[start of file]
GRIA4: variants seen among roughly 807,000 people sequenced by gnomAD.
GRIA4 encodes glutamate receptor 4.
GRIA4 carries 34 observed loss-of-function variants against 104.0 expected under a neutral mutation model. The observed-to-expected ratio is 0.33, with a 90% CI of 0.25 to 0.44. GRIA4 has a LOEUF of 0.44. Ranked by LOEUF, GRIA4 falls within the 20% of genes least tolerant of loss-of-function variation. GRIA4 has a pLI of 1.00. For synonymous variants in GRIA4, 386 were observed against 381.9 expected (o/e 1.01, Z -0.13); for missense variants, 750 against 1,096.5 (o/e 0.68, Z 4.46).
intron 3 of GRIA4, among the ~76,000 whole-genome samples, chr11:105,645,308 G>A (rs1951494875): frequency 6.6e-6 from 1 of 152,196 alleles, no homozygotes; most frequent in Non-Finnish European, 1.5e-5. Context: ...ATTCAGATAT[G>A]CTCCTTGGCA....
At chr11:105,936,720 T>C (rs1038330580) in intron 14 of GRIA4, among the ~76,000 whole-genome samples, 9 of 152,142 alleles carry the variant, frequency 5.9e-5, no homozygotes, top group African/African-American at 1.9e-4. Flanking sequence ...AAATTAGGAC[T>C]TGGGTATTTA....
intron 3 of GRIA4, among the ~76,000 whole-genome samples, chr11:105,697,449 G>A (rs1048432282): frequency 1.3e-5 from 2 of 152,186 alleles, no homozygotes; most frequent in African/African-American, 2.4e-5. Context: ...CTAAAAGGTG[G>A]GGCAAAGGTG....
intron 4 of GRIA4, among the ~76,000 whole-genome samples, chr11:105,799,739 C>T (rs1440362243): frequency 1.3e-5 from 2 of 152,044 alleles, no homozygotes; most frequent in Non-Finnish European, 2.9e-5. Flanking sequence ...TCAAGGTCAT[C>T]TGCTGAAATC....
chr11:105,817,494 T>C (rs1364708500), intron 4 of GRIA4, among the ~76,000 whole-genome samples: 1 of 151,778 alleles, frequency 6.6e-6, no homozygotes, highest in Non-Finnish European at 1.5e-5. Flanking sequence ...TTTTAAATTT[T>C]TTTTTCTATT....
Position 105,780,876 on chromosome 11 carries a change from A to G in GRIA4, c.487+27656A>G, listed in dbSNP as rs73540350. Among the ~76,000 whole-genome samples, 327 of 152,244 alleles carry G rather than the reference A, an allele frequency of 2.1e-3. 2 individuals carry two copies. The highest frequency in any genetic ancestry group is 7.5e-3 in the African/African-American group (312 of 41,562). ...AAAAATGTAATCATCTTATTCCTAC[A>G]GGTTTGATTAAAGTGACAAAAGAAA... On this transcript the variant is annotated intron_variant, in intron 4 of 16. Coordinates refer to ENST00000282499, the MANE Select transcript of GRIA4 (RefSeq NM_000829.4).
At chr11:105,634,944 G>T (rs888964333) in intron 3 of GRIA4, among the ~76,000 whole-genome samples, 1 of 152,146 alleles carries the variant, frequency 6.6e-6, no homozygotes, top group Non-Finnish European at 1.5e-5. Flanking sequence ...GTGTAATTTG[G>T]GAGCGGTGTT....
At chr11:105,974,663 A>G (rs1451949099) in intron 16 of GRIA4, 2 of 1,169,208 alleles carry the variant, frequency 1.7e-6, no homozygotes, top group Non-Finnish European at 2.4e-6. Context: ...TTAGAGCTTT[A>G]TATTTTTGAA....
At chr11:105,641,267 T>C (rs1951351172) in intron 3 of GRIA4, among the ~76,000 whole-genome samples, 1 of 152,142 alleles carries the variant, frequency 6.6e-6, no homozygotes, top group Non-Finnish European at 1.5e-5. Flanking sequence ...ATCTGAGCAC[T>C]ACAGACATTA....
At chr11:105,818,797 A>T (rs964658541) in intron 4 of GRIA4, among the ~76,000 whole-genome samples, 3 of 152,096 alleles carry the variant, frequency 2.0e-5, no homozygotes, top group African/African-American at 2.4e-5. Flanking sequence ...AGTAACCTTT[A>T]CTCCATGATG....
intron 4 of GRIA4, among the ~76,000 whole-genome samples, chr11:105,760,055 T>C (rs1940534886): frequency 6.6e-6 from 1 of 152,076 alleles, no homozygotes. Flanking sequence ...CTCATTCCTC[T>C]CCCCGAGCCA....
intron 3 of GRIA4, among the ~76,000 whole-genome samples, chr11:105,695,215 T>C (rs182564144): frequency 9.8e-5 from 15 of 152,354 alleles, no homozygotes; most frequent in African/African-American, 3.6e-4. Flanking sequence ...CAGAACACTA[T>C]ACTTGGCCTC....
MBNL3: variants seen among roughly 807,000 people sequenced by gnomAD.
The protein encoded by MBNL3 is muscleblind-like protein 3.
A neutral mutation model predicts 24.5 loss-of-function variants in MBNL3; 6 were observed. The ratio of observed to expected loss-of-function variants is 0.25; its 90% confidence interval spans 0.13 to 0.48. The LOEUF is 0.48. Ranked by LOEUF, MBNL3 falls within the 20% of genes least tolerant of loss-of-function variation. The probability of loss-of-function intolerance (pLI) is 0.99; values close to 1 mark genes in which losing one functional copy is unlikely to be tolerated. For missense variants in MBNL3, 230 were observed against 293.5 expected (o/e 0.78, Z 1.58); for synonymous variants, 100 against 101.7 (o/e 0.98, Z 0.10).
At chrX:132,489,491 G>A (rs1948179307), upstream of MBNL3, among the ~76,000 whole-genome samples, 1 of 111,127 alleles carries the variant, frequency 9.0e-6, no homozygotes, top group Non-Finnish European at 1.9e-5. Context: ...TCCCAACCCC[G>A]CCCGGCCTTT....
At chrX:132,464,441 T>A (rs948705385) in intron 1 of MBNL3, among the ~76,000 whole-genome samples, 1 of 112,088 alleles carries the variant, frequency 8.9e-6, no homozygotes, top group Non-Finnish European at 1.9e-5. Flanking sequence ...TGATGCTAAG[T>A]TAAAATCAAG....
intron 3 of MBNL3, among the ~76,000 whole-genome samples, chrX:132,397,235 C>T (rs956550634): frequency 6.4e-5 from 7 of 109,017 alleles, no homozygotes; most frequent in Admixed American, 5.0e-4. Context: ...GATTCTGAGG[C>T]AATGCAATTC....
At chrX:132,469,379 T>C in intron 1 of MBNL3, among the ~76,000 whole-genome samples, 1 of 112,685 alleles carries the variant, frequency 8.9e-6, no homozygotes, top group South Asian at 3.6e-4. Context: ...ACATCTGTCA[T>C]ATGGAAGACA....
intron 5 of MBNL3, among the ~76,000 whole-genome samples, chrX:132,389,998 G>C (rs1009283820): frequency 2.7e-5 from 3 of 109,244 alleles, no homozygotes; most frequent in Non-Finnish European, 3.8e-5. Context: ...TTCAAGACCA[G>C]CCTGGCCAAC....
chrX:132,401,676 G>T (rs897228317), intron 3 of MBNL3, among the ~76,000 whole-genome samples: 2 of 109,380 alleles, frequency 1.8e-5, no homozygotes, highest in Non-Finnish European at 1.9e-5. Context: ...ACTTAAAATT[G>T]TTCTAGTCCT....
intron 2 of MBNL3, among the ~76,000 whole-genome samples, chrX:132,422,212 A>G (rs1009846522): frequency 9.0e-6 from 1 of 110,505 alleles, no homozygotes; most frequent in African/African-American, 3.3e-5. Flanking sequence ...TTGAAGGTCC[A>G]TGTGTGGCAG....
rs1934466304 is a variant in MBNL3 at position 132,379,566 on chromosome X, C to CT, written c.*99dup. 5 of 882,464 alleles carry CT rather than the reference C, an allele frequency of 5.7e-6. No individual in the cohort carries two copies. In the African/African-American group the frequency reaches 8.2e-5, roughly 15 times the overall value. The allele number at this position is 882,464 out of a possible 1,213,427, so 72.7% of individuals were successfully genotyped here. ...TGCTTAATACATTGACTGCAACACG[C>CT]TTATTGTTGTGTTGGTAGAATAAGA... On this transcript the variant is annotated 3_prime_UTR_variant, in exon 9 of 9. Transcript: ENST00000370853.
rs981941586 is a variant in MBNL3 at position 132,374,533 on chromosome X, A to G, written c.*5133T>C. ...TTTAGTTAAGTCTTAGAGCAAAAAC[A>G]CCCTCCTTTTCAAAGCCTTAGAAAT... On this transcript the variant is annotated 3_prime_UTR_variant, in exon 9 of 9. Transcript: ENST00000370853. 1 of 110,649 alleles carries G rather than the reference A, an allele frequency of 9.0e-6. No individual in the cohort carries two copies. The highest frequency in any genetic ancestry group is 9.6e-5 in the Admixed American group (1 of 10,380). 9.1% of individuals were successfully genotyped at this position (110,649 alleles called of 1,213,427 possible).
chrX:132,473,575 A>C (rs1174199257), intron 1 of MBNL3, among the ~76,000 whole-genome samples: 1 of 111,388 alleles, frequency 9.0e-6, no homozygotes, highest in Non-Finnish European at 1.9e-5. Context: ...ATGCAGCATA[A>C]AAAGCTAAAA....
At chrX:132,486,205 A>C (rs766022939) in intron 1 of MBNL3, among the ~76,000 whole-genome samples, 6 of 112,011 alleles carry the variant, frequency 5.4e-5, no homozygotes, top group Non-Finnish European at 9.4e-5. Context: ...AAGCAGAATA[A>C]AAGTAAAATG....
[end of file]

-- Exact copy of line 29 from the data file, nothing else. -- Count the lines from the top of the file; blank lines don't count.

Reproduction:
At chrX:132,486,205 A>C (rs766022939) in intron 1 of MBNL3, among the ~76,000 whole-genome samples, 6 of 112,011 alleles carry the variant, frequency 5.4e-5, no homozygotes, top group Non-Finnish European at 9.4e-5. Context: ...AAGCAGAATA[A>C]AAGTAAAATG....